European Commission policy change: transactions below merger filing thresholds no longer safe from scrutiny
On March 26, 2021, the European Commission adopted a communication providing guidance on the application of a mechanism that allows EU Member States to refer certain transactions to the Commission for review. Under the guidance, the Commission will, in certain circumstances, encourage and accept referrals in cases where the referring Member State does not have jurisdiction over the case. This approach represents a significant change compared with previous practice. It implies that deals that were previously not notifiable because they did not meet the filing thresholds may now be exposed to the risk of a post-factum competition law review by the European Commission. Moreover, that potential risk continues to exist until several months after closing.
EU merger control aims to ensure that major corporate restructurings do not significantly impede effective competition in the internal market. To achieve this aim, the EU Merger Regulation grants the Commission exclusive jurisdiction to review concentrations where the merging companies' turnover at worldwide, EU and/or Member State level exceeds certain thresholds. Concentrations not captured by EU merger control may still come within the jurisdiction of one or several EU Member States. To ensure that the most appropriate authority carries out the assessment, the review can be referred from the Commission to the Member States or vice versa.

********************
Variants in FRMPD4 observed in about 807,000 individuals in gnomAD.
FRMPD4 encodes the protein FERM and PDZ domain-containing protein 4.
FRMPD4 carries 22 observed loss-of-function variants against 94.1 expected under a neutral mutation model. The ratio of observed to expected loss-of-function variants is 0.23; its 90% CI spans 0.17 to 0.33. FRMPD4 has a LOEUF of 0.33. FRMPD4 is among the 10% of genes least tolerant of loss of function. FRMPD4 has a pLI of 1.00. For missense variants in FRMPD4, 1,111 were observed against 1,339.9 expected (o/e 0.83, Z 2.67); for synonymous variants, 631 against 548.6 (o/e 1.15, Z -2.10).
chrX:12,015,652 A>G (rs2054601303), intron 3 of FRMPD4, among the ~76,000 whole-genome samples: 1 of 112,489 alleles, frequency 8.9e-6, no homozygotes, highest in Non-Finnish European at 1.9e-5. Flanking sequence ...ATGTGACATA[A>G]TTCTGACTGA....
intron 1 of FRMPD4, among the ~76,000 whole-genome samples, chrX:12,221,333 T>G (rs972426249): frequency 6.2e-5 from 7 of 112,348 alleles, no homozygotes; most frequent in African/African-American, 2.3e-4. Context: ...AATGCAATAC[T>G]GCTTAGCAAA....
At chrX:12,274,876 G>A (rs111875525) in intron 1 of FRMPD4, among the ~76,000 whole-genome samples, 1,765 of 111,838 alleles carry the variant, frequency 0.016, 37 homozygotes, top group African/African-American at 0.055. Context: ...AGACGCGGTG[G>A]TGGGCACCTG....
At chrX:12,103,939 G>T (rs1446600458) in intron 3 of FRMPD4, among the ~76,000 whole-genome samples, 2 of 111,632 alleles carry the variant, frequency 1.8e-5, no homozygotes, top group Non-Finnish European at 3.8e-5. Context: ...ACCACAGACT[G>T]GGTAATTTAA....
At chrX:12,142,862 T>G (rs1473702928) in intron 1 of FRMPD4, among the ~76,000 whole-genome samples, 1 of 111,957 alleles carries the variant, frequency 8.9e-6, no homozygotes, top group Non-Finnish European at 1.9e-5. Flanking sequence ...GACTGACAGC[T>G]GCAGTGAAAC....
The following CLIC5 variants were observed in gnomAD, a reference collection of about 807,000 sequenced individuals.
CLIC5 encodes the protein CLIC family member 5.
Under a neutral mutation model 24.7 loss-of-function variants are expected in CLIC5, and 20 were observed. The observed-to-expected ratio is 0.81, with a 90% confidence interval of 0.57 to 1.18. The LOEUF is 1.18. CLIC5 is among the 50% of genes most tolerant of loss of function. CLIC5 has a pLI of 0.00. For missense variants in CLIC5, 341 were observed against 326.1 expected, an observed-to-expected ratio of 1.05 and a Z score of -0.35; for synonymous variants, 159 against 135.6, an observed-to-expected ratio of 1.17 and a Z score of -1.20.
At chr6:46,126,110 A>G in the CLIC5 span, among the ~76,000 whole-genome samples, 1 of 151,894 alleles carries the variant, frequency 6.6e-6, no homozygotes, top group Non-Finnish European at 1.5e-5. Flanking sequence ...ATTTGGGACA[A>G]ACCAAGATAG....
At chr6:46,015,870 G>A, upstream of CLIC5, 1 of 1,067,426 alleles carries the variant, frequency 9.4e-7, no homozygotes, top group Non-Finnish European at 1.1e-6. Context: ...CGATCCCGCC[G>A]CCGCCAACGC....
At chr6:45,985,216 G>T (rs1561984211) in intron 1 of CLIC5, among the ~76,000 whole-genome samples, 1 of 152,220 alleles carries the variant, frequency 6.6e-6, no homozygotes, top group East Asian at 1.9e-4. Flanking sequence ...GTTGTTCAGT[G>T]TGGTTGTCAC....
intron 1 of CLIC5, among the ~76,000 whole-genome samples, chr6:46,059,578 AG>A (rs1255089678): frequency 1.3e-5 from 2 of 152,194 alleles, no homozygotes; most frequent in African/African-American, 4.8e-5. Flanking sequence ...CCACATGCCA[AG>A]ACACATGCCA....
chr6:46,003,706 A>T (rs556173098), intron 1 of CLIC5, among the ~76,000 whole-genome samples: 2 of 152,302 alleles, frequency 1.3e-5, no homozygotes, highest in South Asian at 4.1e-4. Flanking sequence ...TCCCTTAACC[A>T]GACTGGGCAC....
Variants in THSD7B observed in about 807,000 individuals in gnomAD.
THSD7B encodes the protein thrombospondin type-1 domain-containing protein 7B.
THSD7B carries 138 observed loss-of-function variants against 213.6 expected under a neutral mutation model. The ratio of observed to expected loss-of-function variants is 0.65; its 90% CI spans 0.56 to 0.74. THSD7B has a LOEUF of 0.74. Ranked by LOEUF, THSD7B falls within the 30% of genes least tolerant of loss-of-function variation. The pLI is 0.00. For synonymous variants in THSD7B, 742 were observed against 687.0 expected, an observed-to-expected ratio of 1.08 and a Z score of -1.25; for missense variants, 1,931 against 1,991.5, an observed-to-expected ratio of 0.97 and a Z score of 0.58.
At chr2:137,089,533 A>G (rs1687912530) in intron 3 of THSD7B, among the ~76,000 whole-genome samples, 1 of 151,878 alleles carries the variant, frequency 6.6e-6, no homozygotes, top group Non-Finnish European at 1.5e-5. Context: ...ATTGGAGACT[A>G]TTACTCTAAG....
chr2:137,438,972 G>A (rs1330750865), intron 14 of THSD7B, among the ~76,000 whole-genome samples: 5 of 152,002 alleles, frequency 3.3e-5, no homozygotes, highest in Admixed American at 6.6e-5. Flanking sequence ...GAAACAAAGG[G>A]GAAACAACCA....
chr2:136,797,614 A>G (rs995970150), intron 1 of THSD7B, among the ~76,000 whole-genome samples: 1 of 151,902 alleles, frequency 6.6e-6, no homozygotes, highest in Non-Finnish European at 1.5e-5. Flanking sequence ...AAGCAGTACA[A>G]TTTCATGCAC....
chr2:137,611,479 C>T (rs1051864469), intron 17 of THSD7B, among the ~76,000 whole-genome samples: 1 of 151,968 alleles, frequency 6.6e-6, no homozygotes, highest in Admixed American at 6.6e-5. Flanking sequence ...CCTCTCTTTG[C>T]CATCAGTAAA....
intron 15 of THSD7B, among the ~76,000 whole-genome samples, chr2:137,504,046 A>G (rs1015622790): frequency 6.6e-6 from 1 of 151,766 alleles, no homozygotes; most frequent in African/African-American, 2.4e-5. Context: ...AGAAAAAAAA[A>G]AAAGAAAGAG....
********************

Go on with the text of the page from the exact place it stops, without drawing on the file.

Article 22 of the Merger Regulation allows Member States to ask the Commission to examine concentrations that do not have an EU dimension but which affect cross-border trade and threaten to significantly affect competition within the territory of the Member State. The Commission has in the past used its discretion to discourage referrals where the concentration fell outside the referring Member State's jurisdiction. This practice was based on the experience that these transactions were not likely to have a significant impact on competition. The Commission has, however, decided to change its approach. This change was triggered by the finding that a number of concentrations involving companies with low turnover, but high competitive potential, were not subject to review by either national competition authorities or the European Commission.
In light of these developments, the Commission now encourages and accepts referrals for certain categories of cases where the referring Member State does not have initial jurisdiction over the case. For Article 22 to apply, the concentration must:
(1) affect trade between Member States, i.e., have a cross-border dimension; and